Hanging up tools after 40 years
A lifelong love of cars and helping people fix them has fuelled a Temuka garage and service station owner for the past 41 years.
Now more than four decades after setting up shop on King St, Neville Baird is taking a step back from the business and letting his son take the reins.
Baird said after starting work for Otago Motors in Temuka in 1968, then completing his four year apprenticeship in Christchurch for the same firm, he came home and spent a year working for another garage.
Then in 1976, Baird and his brother, David, who passed away 18 years ago, bought the same service station, under the name of Huttons. It would later change to Baird’s Motordrome.
The siblings ran the service station and garage for 15 years before Neville bought his brother out.
Neville’s son, Tim, who had started working for his father when he was about 12 years old, had graduated from pumping gas to taking over the business.
‘‘He’s a very capable and qualified mechanic, he knows exactly what he’s doing.
‘‘A lot of customers now tend to go and see him instead of coming to see me, which is good, I don’t mind, sometimes you can get a little bit short as you get older.’’
The daily interaction with people was one of the main things Neville Baird said motivated him to come to work every morning.
‘‘You get a lot of good customers, you get to deal with the public, you can joke with them, they make your day.
‘‘It’s just the joy of getting somebody’s car sorted out, accomplishing something.’’
The business had weathered some tough times over the years, he said.
When the State Highway was moved from King St to a bypass running parallel, all the petrol stations suffered.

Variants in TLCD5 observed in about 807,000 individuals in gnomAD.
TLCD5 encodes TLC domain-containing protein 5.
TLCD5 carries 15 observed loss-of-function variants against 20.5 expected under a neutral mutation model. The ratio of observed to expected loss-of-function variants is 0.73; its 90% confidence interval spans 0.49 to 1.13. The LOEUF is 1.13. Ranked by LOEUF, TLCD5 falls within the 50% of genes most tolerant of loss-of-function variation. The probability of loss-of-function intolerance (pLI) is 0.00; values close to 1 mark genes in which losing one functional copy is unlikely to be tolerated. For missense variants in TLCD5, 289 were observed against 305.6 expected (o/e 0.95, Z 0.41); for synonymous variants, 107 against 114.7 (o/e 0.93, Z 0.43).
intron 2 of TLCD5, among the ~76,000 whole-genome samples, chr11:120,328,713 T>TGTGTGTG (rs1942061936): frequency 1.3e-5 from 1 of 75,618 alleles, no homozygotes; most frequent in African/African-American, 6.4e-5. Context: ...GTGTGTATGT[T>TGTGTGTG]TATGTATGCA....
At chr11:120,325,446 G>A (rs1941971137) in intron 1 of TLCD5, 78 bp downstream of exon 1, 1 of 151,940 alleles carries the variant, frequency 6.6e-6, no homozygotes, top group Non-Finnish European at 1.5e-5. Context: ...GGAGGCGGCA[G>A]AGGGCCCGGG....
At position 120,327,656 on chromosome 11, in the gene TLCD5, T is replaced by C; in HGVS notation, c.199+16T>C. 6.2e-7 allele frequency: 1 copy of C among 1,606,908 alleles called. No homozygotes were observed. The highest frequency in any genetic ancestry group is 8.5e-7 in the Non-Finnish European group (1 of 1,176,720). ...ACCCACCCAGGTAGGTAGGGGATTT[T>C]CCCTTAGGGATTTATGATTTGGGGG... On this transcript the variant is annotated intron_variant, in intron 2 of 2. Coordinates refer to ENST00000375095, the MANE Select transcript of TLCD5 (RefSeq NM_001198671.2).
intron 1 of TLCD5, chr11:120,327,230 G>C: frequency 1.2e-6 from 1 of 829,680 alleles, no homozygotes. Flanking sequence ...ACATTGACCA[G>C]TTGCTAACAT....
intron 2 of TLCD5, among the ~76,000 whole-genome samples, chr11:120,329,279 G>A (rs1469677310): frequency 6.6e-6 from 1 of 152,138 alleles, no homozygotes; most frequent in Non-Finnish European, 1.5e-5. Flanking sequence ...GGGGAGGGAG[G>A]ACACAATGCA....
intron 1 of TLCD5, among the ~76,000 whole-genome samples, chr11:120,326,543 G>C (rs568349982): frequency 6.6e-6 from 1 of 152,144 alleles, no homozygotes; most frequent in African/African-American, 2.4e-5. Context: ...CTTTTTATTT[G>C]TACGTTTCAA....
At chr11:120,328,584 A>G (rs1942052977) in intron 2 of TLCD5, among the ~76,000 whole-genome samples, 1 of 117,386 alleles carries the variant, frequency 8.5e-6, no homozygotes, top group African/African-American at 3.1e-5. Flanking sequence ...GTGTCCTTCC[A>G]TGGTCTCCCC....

‘‘That certainly didn’t help us, there used to be six service stations in Temuka once, now there’s only two.’’
Falling victim less often to people filling up then driving off without paying for their petrol had also helped the business, Baird said.
‘‘We like to always serve people on the forecourt, that has actually helped not having drive offs.
‘‘We still got the odd cheeky bugger leap into the car and go.’’
More often than not people left without paying because of absent mindedness, he said.
Despite walking away from the day-to-day running of the business, Baird would still be involved in some way or another.
‘‘Cars are my life, I will come back and help my son out when he needs it ... but then it might only be half a day.
‘‘I was 65 last June, people tell me when you are 65 you have probably got at least 10 good years on you.
‘‘But you never know so you’ve got to stop, and go an enjoy yourself while you can, otherwise you could fall over the next week.
‘‘I know the dog will enjoy it, he’ll be able to go for more walks.’’
Neville Baird, pictured with his wife Helen and son Tim, is calling it quits after 41 years.